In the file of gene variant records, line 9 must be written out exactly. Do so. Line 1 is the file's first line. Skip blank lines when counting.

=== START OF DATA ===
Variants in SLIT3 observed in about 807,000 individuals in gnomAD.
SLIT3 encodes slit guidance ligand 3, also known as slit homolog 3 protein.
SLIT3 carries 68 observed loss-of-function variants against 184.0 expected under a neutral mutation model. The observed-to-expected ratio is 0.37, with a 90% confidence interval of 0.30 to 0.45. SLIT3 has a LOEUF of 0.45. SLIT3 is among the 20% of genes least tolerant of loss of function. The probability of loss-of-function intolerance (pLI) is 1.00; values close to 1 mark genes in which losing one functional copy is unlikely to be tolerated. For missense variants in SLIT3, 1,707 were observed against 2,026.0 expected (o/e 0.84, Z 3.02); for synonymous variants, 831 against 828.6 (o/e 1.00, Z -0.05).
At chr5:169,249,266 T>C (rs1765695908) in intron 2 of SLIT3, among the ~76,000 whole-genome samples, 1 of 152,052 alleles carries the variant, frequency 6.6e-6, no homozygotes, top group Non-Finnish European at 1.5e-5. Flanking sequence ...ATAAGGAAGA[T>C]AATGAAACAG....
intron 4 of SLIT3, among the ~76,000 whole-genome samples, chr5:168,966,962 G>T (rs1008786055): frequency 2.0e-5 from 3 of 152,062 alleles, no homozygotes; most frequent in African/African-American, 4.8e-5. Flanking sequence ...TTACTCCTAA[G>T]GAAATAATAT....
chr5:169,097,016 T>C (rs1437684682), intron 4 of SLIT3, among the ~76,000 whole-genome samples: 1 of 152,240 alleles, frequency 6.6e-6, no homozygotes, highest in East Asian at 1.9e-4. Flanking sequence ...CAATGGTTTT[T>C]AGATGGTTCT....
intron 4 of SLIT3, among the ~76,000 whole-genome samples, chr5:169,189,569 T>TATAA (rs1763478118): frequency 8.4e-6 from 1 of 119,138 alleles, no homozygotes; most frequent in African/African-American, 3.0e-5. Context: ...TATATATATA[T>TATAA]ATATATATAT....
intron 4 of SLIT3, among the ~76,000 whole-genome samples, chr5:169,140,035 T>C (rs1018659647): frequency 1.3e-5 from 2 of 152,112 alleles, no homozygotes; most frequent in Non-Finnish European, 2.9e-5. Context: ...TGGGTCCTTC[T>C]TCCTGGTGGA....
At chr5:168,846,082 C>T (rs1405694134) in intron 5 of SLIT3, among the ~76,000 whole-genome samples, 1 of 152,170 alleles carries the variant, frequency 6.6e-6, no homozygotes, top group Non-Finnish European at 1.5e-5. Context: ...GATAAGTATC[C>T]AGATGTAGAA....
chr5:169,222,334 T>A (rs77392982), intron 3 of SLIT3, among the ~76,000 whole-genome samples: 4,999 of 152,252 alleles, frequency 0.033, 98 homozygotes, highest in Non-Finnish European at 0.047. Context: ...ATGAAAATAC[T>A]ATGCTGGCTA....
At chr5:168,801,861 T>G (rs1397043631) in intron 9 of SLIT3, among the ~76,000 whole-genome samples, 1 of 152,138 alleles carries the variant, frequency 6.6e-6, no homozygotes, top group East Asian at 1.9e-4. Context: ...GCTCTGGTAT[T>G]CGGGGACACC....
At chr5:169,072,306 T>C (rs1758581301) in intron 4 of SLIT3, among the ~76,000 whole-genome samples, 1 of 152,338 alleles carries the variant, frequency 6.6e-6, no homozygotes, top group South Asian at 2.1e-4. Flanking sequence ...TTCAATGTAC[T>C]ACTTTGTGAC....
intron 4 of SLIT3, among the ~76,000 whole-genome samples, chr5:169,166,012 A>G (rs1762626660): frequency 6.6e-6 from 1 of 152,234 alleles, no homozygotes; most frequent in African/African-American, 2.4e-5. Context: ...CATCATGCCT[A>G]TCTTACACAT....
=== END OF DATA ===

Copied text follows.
At chr5:168,846,082 C>T (rs1405694134) in intron 5 of SLIT3, among the ~76,000 whole-genome samples, 1 of 152,170 alleles carries the variant, frequency 6.6e-6, no homozygotes, top group Non-Finnish European at 1.5e-5. Context: ...GATAAGTATC[C>T]AGATGTAGAA....